Innovations in Information Retrieval

Perspectives for Theory and Practice

    Research output: Contribution to journalBook/Film/Article review

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    Abstract

    Often the most difficult process for a postgraduate research student is not the process of research; many may find the research process arduous and bewildering but – with adequate supervision and a robust research plan – students tend to cope well with the methodological demands and data collection. Instead, where students struggle is identifying a topic worth studying in the first place (Millman, 1998). This scenario is not limited to the information, computer, or library sciences. It is a phenomenon that often transcends disciplinary boundaries and academic levels of study (Hirt and Muffo, 1998). Students may have the faint inkling of a topic area but may have insufficiently assimilated extant literature, or simply struggled to understand the research landscape, and in so doing failed to articulate a satisfactory research topic with any degree of specificity.

    Allen Foster and Pauline Rafferty are both lecturers at the University of Aberystwyth and are presumably familiar with the aforementioned phenomenon through their professional practice because it is precisely this that Innovations in Information Retrieval seeks to resolve. Its raison d'être is to “inspire Master's‐level students who might be looking to develop their dissertation topics [in information retrieval (IR)], or indeed to develop PhD proposals” (p. xv). To this end Foster and Rafferty present seven chapters, each focussed on a specific aspect of IR and each authored by experts in the field.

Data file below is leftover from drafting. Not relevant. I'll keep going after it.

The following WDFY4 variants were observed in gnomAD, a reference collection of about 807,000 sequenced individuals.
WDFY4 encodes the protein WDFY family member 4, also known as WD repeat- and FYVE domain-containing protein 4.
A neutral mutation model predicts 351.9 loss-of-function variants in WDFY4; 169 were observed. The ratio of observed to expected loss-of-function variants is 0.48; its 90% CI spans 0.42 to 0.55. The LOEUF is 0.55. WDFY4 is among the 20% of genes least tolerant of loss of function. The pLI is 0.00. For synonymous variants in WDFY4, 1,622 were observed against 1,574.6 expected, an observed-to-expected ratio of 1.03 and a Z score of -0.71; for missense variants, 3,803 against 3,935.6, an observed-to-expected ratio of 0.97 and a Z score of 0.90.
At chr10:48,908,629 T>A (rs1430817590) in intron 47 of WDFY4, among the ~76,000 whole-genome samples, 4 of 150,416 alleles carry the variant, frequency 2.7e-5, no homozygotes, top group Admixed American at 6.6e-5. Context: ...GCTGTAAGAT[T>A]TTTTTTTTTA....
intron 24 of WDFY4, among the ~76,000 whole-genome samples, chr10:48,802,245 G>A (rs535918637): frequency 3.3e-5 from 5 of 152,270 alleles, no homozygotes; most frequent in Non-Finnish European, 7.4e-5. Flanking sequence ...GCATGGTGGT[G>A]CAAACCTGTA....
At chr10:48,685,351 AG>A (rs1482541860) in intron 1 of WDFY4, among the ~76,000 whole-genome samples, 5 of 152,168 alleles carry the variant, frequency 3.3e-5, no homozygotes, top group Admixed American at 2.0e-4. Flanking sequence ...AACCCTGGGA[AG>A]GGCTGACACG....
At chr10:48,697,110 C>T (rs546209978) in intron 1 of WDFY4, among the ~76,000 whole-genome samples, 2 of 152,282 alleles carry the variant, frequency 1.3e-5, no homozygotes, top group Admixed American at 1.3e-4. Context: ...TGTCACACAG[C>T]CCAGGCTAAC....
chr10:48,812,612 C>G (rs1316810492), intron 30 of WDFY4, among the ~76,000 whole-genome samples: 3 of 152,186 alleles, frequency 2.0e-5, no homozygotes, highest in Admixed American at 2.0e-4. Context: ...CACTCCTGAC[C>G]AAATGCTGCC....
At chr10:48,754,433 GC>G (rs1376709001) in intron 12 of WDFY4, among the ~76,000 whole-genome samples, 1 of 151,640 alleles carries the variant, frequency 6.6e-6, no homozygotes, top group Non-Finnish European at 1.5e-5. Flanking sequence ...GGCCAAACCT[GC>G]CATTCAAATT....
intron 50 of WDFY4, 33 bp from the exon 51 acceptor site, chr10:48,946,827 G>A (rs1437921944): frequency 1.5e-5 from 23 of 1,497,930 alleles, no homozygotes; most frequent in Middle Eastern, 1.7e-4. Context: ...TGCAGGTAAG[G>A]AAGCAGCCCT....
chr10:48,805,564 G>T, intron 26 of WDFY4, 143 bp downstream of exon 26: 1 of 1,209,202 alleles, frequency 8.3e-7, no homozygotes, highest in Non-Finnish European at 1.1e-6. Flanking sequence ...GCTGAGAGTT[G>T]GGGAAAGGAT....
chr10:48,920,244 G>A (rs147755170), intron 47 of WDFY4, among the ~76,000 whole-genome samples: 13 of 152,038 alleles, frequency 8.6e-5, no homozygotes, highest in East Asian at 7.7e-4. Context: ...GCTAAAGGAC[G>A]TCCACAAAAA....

Original languageEnglish
    Pages (from-to)233-235
    Number of pages3
    JournalLibrary Review
    Volume61
    Issue number3
    DOIs
    Publication statusPublished - 16 Mar 2012

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    Information retrieval
    information retrieval
    Innovation
    innovation
    Students
    student
    earning a doctorate
    research process
    supervision
    university teacher
    expert
    scenario
    science

    Keywords

    • information research
    • information retrieval
    • semantics
    • social media

    Cite this

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    abstract = "Often the most difficult process for a postgraduate research student is not the process of research; many may find the research process arduous and bewildering but – with adequate supervision and a robust research plan – students tend to cope well with the methodological demands and data collection. Instead, where students struggle is identifying a topic worth studying in the first place (Millman, 1998). This scenario is not limited to the information, computer, or library sciences. It is a phenomenon that often transcends disciplinary boundaries and academic levels of study (Hirt and Muffo, 1998). Students may have the faint inkling of a topic area but may have insufficiently assimilated extant literature, or simply struggled to understand the research landscape, and in so doing failed to articulate a satisfactory research topic with any degree of specificity.Allen Foster and Pauline Rafferty are both lecturers at the University of Aberystwyth and are presumably familiar with the aforementioned phenomenon through their professional practice because it is precisely this that Innovations in Information Retrieval seeks to resolve. Its raison d'{\^e}tre is to “inspire Master's‐level students who might be looking to develop their dissertation topics [in information retrieval (IR)], or indeed to develop PhD proposals” (p. xv). To this end Foster and Rafferty present seven chapters, each focussed on a specific aspect of IR and each authored by experts in the field.",
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    Innovations in Information Retrieval : Perspectives for Theory and Practice. / Macgregor, George.

    In: Library Review, Vol. 61, No. 3, 16.03.2012, p. 233-235.

    Research output: Contribution to journalBook/Film/Article review

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